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Native Americans, Allies To Rally Against Inaccurate Bear River Massacre Reenactment

Robert Gehrke / YouTube
Footage shot by Salt Lake Tribune columnist Robert Gehrke of the Wellsville sham battle shows white men and women in red body paint.

Native American activists and their supporters will gather outside Wellsville City Hall on Wednesday to rally against the city’s controversial Founder’s Day “Sham Battle” between Mormon settlers and a Native American tribe. 

They want to keep pressure on city leaders to change the tradition, which they say is racially insensitive and historically inaccurate.

Darren Parry is chair of the Northwestern Band of the Shoshone Nation. He plans to address the city council tonight about making changes.

“How cool would it be if we could come up and plan something jointly because we were here first,” Parry says. “And you could learn from our culture and we could learn from your culture and make our own histories together.”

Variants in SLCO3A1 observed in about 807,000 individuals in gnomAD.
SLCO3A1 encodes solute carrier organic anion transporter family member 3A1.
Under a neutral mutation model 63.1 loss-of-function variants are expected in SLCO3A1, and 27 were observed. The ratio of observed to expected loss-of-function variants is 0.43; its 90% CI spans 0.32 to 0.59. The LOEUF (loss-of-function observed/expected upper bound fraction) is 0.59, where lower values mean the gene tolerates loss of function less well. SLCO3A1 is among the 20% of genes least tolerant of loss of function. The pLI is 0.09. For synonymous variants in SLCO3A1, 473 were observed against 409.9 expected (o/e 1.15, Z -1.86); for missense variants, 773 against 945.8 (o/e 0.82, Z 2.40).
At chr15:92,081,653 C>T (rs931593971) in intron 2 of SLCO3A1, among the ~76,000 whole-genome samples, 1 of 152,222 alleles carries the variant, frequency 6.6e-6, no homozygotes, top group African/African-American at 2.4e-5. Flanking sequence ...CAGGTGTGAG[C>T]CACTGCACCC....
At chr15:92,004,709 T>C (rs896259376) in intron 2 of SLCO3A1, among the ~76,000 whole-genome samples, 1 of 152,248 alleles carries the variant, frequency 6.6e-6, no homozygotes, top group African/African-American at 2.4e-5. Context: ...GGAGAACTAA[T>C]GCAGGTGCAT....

More than 200 Shoshone Indians were killed in what’s now known as the Bear River Massacre. At Wellsville’s “Sham Battle," white men and women dress as Native Americans, paint their bodies red and pretend to attack Mormon settlers.  

Earlier this week, Wellsville City officials apologized in a statement. They said they’re working with the Shoshone Tribe to more accurately portray the battle. 

View footage of the 2017 Wellsville Sham Battle recorded by reporter Robert Gehrke of the Salt Lake Tribune. 

Whittney Evans grew up southern Ohio and has worked in public radio since 2005. She has a communications degree from Morehead State University in Morehead, Kentucky, where she learned the ropes of reporting, producing and hosting. Whittney moved to Utah in 2009 where she became a reporter, producer and morning host at KCPW. Her reporting ranges from the hyper-local issues affecting Salt Lake City residents, to state-wide issues of national interest. Outside of work, she enjoys playing the guitar and getting to know the breathtaking landscape of the Mountain West.
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